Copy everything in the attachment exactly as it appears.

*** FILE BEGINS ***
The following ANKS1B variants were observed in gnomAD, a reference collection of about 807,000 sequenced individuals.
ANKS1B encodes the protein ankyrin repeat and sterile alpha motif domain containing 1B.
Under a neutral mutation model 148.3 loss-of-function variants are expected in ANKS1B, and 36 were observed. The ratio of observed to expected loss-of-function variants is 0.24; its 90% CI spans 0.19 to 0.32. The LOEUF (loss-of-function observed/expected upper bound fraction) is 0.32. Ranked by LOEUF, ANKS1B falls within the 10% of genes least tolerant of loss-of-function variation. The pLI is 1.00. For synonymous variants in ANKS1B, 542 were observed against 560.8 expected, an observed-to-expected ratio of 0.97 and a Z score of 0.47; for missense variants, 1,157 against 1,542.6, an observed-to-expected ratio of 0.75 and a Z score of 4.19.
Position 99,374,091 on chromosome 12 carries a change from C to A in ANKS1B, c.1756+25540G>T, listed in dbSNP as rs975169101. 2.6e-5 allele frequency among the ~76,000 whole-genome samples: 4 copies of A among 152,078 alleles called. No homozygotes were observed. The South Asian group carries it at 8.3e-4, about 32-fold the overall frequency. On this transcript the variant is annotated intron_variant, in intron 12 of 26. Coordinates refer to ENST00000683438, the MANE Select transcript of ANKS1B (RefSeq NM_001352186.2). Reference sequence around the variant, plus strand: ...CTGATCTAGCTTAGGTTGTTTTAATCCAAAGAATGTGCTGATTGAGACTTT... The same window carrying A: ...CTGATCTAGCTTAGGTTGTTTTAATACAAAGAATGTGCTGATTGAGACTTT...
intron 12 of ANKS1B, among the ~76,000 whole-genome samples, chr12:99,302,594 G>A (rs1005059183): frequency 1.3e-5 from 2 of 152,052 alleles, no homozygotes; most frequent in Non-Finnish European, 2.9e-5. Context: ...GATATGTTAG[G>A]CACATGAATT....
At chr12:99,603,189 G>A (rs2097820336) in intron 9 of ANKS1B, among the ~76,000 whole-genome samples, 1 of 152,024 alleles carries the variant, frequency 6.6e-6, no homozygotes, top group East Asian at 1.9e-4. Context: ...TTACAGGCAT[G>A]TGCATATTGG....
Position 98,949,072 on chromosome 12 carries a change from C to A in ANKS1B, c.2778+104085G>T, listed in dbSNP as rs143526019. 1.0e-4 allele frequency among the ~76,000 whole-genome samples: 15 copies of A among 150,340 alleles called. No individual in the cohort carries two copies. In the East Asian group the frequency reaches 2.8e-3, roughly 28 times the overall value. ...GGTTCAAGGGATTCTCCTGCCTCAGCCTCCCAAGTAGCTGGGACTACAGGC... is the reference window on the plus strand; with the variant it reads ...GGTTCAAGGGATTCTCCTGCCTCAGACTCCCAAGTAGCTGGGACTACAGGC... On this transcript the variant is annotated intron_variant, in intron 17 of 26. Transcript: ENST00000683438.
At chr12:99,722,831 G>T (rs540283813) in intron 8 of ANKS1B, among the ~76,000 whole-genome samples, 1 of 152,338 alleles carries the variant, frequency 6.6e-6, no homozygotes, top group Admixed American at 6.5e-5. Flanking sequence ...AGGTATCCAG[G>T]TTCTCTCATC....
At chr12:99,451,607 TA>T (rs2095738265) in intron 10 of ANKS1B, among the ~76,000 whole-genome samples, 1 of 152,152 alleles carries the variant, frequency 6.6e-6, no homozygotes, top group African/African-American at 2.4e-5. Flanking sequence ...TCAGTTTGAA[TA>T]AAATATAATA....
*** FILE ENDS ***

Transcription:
The following ANKS1B variants were observed in gnomAD, a reference collection of about 807,000 sequenced individuals.
ANKS1B encodes the protein ankyrin repeat and sterile alpha motif domain containing 1B.
Under a neutral mutation model 148.3 loss-of-function variants are expected in ANKS1B, and 36 were observed. The ratio of observed to expected loss-of-function variants is 0.24; its 90% CI spans 0.19 to 0.32. The LOEUF (loss-of-function observed/expected upper bound fraction) is 0.32. Ranked by LOEUF, ANKS1B falls within the 10% of genes least tolerant of loss-of-function variation. The pLI is 1.00. For synonymous variants in ANKS1B, 542 were observed against 560.8 expected, an observed-to-expected ratio of 0.97 and a Z score of 0.47; for missense variants, 1,157 against 1,542.6, an observed-to-expected ratio of 0.75 and a Z score of 4.19.
Position 99,374,091 on chromosome 12 carries a change from C to A in ANKS1B, c.1756+25540G>T, listed in dbSNP as rs975169101. 2.6e-5 allele frequency among the ~76,000 whole-genome samples: 4 copies of A among 152,078 alleles called. No homozygotes were observed. The South Asian group carries it at 8.3e-4, about 32-fold the overall frequency. On this transcript the variant is annotated intron_variant, in intron 12 of 26. Coordinates refer to ENST00000683438, the MANE Select transcript of ANKS1B (RefSeq NM_001352186.2). Reference sequence around the variant, plus strand: ...CTGATCTAGCTTAGGTTGTTTTAATCCAAAGAATGTGCTGATTGAGACTTT... The same window carrying A: ...CTGATCTAGCTTAGGTTGTTTTAATACAAAGAATGTGCTGATTGAGACTTT...
intron 12 of ANKS1B, among the ~76,000 whole-genome samples, chr12:99,302,594 G>A (rs1005059183): frequency 1.3e-5 from 2 of 152,052 alleles, no homozygotes; most frequent in Non-Finnish European, 2.9e-5. Context: ...GATATGTTAG[G>A]CACATGAATT....
At chr12:99,603,189 G>A (rs2097820336) in intron 9 of ANKS1B, among the ~76,000 whole-genome samples, 1 of 152,024 alleles carries the variant, frequency 6.6e-6, no homozygotes, top group East Asian at 1.9e-4. Context: ...TTACAGGCAT[G>A]TGCATATTGG....
Position 98,949,072 on chromosome 12 carries a change from C to A in ANKS1B, c.2778+104085G>T, listed in dbSNP as rs143526019. 1.0e-4 allele frequency among the ~76,000 whole-genome samples: 15 copies of A among 150,340 alleles called. No individual in the cohort carries two copies. In the East Asian group the frequency reaches 2.8e-3, roughly 28 times the overall value. ...GGTTCAAGGGATTCTCCTGCCTCAGCCTCCCAAGTAGCTGGGACTACAGGC... is the reference window on the plus strand; with the variant it reads ...GGTTCAAGGGATTCTCCTGCCTCAGACTCCCAAGTAGCTGGGACTACAGGC... On this transcript the variant is annotated intron_variant, in intron 17 of 26. Transcript: ENST00000683438.
At chr12:99,722,831 G>T (rs540283813) in intron 8 of ANKS1B, among the ~76,000 whole-genome samples, 1 of 152,338 alleles carries the variant, frequency 6.6e-6, no homozygotes, top group Admixed American at 6.5e-5. Flanking sequence ...AGGTATCCAG[G>T]TTCTCTCATC....
At chr12:99,451,607 TA>T (rs2095738265) in intron 10 of ANKS1B, among the ~76,000 whole-genome samples, 1 of 152,152 alleles carries the variant, frequency 6.6e-6, no homozygotes, top group African/African-American at 2.4e-5. Flanking sequence ...TCAGTTTGAA[TA>T]AAATATAATA....